We next examined the potential link between mitochondrial quality in REPs and renal fibrosis and reduced RBCs. To achieve this goal, we applied a commonly used renal disease model, unilateral ureteral obstruction (UUO) mice that manifest inflammatory fibrosis (Guo et al., 1999; Inoue et al., 2010; Figure 5A). As shown in Figure 5B, Masson’s trichrome staining of the renal sections from UUO-Fundc1-/- mice revealed more positive blue staining of collagenous fibers, indicating that renal fibrosis was exacerbated with Fundc1 ablation. Consistently, fibrotic markers, such as Acta2 (encoding αSma) and collagen type 1 alpha one chain (Col1a1), were also significantly upregulated in kidneys of UUO-Fundc1-/- mice, while little difference was seen in the Fundc1-/- control (Figure 5C). In addition, the mitochondrial content was greatly reduced in kidneys of WT mice with UUO induction, as revealed by immunoblotting analysis of the mitochondrial proteins of TOMM20, COXIV, TIMM23, and FUNDC1 itself (Figure 5D). In contrast, mitochondrial elimination was partially blocked in the kidneys of UUO-Fundc1-/- mice (Figure 5D).

More severe renal fibrosis and increased inflammation in Fundc1-/- mice with UUO model.

(A) Schematic diagram showing the generation of UUO pathological model from WT and Fundc1-/- mice. (B) Masson’s trichrome staining showing collagenous fiber (blue staining) of the renal section from UUO-Fundc1-/- and WT mice. (C) The expression of fibrosis related genes, α-Sma and Col1a1, in kidneys of sham or UUO-induced WT and Fundc1-/- mice. (D) Western blotting of the protein levels of mitochondrial membrane proteins (TOMM20, TIMM23, COXIV, and FUNDC1) and autophagy associated proteins (LC3 and P62) in kidney of sham, UUO-induced WT and Fundc1-/- mice. (E) The mRNA expression levels of proinflammatory cytokines Il6 and Il1b in kidney of sham, UUO-induced WT and Fundc1-/- mice. (F–H) Flow cytometry analysis of mitochondrial ROS level by MitoSOX (F), membrane potential by TMRM (G) and mitochondrial mass by MitoTracker Green (H) in FACS sorted, PDGFRβ+ REPs of kidneys in Sham, UUO-induced WT and Fundc1-/- mice, respectively. (I) Relative mRNA levels of Epo in sham, UUO-induced WT and Fundc1-/- mice. (J) The mRNA expression of DNA methyltransferase Dnmt1, Dnmt3a, and Dnmt3b in sham, UUO-induced WT and Fundc1-/- mice. For each experiment, n = 3–5 mice for each group. Individual mice are represented by symbols. Data shown are representative of at least three independent experiments. Similar results were found in each experiment. All data are mean ± SEM; *p<0.05; ns: no statistical significance. Statistical significance was analyzed by using the two-tailed unpaired Student’s t-test.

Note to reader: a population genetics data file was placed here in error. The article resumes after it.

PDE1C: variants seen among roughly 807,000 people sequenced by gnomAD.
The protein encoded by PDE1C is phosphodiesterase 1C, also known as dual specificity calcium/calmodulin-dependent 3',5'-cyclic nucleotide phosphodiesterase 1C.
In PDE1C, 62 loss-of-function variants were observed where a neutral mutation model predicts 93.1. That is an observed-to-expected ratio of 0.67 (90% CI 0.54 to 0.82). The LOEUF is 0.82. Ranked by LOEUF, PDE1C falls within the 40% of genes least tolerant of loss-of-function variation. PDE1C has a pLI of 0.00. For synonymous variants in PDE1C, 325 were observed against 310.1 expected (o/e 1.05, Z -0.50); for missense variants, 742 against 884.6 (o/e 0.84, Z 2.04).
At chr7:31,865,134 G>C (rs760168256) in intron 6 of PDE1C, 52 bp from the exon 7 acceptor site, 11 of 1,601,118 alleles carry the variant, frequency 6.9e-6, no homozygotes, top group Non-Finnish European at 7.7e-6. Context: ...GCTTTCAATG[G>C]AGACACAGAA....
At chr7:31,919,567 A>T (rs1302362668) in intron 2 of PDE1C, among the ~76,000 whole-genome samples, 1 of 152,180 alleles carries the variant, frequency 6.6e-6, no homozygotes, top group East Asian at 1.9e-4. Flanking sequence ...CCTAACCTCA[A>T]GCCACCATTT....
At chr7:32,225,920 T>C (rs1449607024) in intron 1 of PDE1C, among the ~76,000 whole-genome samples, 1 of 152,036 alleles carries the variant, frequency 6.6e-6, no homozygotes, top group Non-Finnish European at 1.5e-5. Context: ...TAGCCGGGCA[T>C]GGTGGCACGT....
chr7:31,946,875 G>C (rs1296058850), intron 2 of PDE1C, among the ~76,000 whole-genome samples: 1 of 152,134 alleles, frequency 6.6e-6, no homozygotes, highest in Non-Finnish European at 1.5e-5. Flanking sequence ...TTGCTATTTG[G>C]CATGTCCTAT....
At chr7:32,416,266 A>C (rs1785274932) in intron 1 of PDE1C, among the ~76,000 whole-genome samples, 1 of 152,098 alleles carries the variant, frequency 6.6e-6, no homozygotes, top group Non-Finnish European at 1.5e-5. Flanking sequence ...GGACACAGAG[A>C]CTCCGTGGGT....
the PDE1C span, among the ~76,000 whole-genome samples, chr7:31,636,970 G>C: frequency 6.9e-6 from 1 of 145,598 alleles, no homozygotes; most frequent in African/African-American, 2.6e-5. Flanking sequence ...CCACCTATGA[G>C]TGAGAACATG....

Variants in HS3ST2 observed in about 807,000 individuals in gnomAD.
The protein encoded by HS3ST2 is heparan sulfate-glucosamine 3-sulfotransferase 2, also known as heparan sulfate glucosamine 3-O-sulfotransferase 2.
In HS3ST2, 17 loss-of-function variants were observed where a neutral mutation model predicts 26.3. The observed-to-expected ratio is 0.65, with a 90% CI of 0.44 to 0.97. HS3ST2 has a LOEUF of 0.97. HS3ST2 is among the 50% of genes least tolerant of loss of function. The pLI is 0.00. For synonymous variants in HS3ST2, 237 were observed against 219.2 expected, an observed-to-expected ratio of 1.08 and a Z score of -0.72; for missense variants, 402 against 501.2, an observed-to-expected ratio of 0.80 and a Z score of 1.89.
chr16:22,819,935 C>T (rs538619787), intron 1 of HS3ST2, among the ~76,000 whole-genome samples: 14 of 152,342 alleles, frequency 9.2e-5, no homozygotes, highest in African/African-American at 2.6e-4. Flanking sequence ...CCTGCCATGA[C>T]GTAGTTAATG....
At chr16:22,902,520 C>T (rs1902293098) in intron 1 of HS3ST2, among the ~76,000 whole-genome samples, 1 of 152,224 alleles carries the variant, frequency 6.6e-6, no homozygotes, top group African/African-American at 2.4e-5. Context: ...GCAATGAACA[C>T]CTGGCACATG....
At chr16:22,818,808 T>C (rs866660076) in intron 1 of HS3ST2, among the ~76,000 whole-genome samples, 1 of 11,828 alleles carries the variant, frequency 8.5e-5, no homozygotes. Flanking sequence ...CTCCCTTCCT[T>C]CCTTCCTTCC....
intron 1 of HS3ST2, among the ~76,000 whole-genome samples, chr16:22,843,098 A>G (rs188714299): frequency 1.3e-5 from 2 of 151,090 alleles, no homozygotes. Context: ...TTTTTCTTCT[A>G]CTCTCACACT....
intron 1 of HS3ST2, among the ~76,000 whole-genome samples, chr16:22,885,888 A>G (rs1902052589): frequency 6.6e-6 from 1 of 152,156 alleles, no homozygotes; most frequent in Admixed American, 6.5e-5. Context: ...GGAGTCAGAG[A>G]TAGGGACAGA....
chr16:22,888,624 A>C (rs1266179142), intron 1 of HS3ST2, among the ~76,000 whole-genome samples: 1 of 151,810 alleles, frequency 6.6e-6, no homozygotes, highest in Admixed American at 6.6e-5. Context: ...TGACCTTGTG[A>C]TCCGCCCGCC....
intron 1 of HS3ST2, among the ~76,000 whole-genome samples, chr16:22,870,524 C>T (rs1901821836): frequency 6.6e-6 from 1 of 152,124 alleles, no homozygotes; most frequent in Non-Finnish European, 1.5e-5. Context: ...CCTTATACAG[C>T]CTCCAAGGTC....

Furthermore, the level of autophagic genes, such as P62 and LC3-II, showed a trend of reduction in UUO-Fundc1-/- renal cells, suggesting the accumulation of dysfunctional mitochondria due to deficient autophagy (Figure 5D). Proinflammatory cytokines of Il6 and Il1b were upregulated in the UUO-Fundc1-/- renal cells, likely as a consequence of defective mitochondrial clearance (Figure 5E).

We next focused on mitophagy in the REPs of UUO-Fundc1-/- mice. We found that Fundc1 deletion induced an elevation of the mitochondrial ROS level (Figure 5F) and an alteration of the mitochondrial membrane potential (Figure 5G) in REPs of UUO-Fundc1-/- mice, with minor changes in mitochondrial mass (Figure 5H). As a result of the accumulation of dysfunctional mitochondria in REPs, Epo transcription was significantly impaired in Fundc1-/- mice (Figure 5I). Thus, the reduction of EPO production in Fundc1-/- REPs may result from active inflammation caused by abnormal mitophagy.